The more Birdie Wermy has learned, the more she’s wanted to learn. And throughout college and graduate school, she’s had great professors who’ve inspired her every step of the way, she says.
But now, as she works on her Ph.D. in Community Health at the School of Public Health, Birdie is thinking about the future. And she knows this: she wants to someday represent a change in college classrooms.
Most of her professors in college career have been white, she says. Birdie — a member of the Cheyenne and Arapaho tribes of Oklahoma who moved with her parents to Oregon when she was nine years old — wants to become a college professor herself someday. And she wants to help the next generation of college students experience a different college reality. She wants them to benefit from the differing views that someone who is not white can bring to the classroom, and to the study of public health, she says.
“Many of my most unforgettable learning experiences came from teachers and professors of color,” Birdie says. “They made me think outside of the box and understand how there are ‘real world problems’ that can’t go ignored. I’ve learned teaching skills along the way and that’s what makes being a diverse professor so important to me.”
Birdie is proud of her family’s heritage, but also realizes how rare she is in the academic world.
“In Indian country, Native American Ph.D.s are hard to come by,” she says. “There are very few of us.”
Still, higher education wasn’t completely foreign to Birdie’s family. Both of her parents attended college. Her mother earned an associate’s degree. Her father went to college on a baseball scholarship, but got injured and then left school to work and support his family.
The inspiration for Birdie enrolling in the Master of Public Health program at the School of Public Health in 2009 came from a few of her co-workers who had their master’s degree. She enjoyed their stories of how they made it through school, their struggles, adversities and their tenacity to pursue a degree. She took it as a challenge. She realized she would be the only female on both sides of her family to have a master’s degree.
“I just thought it was amazing,” she says. “To be the only Granddaughter, Daughter and Sister to have an MPH.”
But getting her M.P.H. was never assured, or easy.
Birdie had earned a bachelor’s degree in health and human kinetics from Warner Pacific. She played on both her high school and college basketball teams, and figured she would become an athletic trainer.
But after college, she got a job as a research assistant at the Northwest Portland Area Indian Health Board, or NPAIHB, which performs health research and advocates to improve the health of Native Americans. And her love of health research was born.
“It just got me going — turned something on that I didn’t know I’d be interested in,” Birdie says.
Birdie continued working full time while working on her M.P.H. She got help from a $5,000 scholarship from the Native American Research Centers for Health, or NARCH.
She earned her M.P.H in 2012, and thought she might be done with school — until she listened to the speaker at PSU’s June 2013 Honor Day commencement ceremonies, which honors Native American, Alaskan Native and Pacific Islander graduates.
Evan Adams, the Native American keynote speaker, was an actor who became a medical doctor and then director of the Aboriginal Health program in the University of British Columbia’s faculty of medicine. “When he told his story, I was so amazed,” she says. “Right then, in that moment, I said, ‘I want to go on and get my Ph.D. I want that to be me. I want to come back and tell my story.’”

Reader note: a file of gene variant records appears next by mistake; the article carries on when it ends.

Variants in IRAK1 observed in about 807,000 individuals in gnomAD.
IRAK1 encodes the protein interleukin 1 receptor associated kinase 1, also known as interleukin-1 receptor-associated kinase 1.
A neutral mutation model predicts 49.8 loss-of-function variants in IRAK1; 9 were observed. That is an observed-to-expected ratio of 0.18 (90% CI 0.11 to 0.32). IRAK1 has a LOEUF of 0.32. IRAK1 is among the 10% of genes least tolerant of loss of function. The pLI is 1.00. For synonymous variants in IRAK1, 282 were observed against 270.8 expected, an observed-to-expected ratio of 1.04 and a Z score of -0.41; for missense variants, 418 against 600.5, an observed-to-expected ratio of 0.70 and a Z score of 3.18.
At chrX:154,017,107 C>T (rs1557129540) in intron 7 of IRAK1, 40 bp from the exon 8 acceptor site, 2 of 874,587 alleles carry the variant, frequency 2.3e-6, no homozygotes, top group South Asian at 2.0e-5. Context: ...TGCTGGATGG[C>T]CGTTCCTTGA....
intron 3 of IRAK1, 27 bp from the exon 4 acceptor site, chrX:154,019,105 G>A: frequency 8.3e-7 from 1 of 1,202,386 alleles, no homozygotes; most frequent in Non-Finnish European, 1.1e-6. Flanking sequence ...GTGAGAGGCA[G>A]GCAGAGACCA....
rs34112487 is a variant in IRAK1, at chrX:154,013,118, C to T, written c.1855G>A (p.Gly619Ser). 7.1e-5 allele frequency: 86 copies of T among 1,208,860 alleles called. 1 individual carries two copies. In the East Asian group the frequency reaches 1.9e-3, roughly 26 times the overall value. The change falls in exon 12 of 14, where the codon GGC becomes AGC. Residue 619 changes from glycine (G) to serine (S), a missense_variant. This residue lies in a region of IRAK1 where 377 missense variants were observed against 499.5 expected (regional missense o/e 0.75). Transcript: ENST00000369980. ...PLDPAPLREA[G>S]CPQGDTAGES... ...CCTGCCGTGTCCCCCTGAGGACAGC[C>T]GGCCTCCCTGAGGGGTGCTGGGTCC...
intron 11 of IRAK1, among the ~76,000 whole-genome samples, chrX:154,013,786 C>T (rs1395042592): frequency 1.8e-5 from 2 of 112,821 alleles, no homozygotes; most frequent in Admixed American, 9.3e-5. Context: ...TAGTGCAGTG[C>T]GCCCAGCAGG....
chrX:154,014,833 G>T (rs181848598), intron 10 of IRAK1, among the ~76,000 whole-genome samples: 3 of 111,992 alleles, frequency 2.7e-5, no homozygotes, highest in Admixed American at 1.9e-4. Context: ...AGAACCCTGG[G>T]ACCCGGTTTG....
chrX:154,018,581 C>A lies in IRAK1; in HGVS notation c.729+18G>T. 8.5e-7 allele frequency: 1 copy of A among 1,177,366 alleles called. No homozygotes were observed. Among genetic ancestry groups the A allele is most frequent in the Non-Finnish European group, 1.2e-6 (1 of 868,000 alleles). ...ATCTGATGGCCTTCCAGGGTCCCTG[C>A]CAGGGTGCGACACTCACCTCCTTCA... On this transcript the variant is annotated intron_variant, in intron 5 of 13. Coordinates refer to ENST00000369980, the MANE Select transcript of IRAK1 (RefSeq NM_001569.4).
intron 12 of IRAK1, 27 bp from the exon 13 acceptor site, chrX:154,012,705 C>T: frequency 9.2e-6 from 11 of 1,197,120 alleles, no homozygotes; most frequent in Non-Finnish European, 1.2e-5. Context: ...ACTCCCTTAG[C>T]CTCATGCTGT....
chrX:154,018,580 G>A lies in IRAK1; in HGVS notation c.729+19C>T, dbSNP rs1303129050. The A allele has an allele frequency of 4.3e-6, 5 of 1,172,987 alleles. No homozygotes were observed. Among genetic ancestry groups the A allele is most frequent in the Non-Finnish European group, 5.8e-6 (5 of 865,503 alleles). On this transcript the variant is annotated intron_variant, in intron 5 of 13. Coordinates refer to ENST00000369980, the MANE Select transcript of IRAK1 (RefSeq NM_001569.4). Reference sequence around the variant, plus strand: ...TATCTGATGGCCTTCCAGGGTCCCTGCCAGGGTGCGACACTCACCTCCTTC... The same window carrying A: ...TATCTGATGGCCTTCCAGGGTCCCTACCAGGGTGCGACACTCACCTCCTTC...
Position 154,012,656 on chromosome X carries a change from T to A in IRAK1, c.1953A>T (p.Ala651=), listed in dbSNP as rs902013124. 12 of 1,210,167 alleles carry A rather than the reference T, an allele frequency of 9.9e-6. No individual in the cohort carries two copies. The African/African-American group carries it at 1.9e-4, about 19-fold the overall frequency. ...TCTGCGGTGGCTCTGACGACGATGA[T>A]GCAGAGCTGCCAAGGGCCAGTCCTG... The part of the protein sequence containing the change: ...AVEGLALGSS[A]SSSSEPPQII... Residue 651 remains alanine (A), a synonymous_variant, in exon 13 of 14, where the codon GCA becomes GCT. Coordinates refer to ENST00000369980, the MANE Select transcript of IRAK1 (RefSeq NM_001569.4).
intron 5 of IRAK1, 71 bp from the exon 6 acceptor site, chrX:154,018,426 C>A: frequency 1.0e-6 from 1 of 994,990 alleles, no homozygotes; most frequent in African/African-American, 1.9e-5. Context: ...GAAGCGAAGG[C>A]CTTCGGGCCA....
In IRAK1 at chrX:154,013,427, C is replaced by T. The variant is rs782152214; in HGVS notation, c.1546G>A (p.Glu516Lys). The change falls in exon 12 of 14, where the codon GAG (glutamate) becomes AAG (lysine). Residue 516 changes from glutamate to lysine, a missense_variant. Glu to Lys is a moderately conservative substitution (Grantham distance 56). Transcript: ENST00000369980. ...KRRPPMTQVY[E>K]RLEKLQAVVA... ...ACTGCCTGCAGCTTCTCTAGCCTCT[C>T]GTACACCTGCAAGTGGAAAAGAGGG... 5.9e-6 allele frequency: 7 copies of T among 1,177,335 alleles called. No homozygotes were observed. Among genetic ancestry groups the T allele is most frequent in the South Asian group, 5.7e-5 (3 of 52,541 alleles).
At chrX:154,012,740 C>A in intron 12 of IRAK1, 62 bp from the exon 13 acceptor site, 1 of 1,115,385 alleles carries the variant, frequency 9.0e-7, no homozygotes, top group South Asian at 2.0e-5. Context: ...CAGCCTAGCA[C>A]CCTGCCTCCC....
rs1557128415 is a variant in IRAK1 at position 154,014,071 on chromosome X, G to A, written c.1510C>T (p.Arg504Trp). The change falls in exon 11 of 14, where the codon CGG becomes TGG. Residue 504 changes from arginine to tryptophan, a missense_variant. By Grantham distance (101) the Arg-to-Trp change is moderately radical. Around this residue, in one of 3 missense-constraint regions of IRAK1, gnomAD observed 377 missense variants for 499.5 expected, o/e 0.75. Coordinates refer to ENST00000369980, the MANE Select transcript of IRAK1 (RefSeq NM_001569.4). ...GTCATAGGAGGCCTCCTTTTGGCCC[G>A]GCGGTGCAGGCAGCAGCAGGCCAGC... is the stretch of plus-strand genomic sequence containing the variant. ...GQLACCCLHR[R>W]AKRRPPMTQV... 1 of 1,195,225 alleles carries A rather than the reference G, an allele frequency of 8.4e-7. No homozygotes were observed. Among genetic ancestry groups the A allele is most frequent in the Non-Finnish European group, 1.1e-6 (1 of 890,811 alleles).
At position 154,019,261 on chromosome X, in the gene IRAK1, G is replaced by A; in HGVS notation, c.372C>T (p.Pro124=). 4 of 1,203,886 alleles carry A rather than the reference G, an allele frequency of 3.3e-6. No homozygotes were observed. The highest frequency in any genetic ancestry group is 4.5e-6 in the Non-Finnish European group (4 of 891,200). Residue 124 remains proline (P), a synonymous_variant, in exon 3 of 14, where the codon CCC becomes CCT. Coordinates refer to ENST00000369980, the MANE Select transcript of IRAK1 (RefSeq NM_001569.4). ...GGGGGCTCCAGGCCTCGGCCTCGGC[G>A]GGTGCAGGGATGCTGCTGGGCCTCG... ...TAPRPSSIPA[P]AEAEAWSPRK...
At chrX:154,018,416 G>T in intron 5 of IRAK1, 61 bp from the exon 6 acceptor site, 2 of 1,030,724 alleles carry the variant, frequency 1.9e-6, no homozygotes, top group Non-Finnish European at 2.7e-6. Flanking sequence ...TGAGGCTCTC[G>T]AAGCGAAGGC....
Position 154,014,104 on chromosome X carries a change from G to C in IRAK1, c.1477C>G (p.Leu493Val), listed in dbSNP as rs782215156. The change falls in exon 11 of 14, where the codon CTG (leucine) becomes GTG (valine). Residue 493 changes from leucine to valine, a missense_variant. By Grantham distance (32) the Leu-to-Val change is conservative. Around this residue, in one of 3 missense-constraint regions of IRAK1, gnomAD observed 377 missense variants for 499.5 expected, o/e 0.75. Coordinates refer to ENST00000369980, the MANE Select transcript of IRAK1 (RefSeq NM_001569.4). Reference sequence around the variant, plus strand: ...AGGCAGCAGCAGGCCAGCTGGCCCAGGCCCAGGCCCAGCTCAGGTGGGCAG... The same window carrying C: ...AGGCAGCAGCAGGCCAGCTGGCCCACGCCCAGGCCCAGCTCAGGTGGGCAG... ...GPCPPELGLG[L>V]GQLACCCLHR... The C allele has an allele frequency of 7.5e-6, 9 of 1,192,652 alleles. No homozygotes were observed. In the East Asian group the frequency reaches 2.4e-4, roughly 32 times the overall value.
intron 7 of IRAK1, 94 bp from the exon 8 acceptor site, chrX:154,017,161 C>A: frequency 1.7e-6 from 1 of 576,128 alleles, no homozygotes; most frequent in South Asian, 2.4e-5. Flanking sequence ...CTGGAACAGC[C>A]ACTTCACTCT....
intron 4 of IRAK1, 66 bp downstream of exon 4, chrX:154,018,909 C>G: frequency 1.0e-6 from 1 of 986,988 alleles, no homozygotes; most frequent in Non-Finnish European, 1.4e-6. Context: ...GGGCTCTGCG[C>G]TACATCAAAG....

She moved into a new job at NPAIHB, — as a national evaluator for the group’s epidemiology center. And in the spring of 2016, she started in the School of Public Health’s Ph.D. in Community Health program. Now 35 years old, she’s also the primary caregiver – with help from her family — for her four-year-old daughter and 18-month-old son. She’s continuing to work and taking one or two Ph.D. classes per term.
“It’s hard work,” Birdie says. “Sometimes I think about what I’m doing and say ‘This is crazy.’ But I’m doing it for myself, and for my children. So they know their mother did this. That she succeeded when maybe she shouldn’t have.”
Birdie received another scholarship from NARCH to help with her Ph.D. program. She knows she wouldn’t have been able to go to graduate school while supporting two children without financial support. That’s why she was excited to hear about the School of Public Health Dean’s Scholarship Fund — which will provide scholarships to first generation college students from lower-income families who represent diverse communities that often suffer the greatest health disparities. Those communities are also often underrepresented in graduate schools and the academic world, as Birdie knows.
The fund “will give students a chance they might not have had otherwise,” Birdie says. “They might be like me — a mother of two kids, who wants that education but doesn’t know how to go about it.”
As she continues work on her Ph.D., Birdie will explore a topic that is important to her community. She hopes to do her dissertation on gestational diabetes in Native American women — a condition she developed herself while she was pregnant with her son.
Thinking about the topic illustrates why she’s grown to love public health, and why she wants to learn more.
“I know by me having gestational diabetes, that’s going to affect my son and his life. And his children — the epigenetics of disease. It’s just so big,” she says. “There are so many things out there that go unanswered. And, I think, working with ethnic populations and disadvantaged populations – looking at poverty and racism – there’s just so much to learn. So much to learn in this short life.”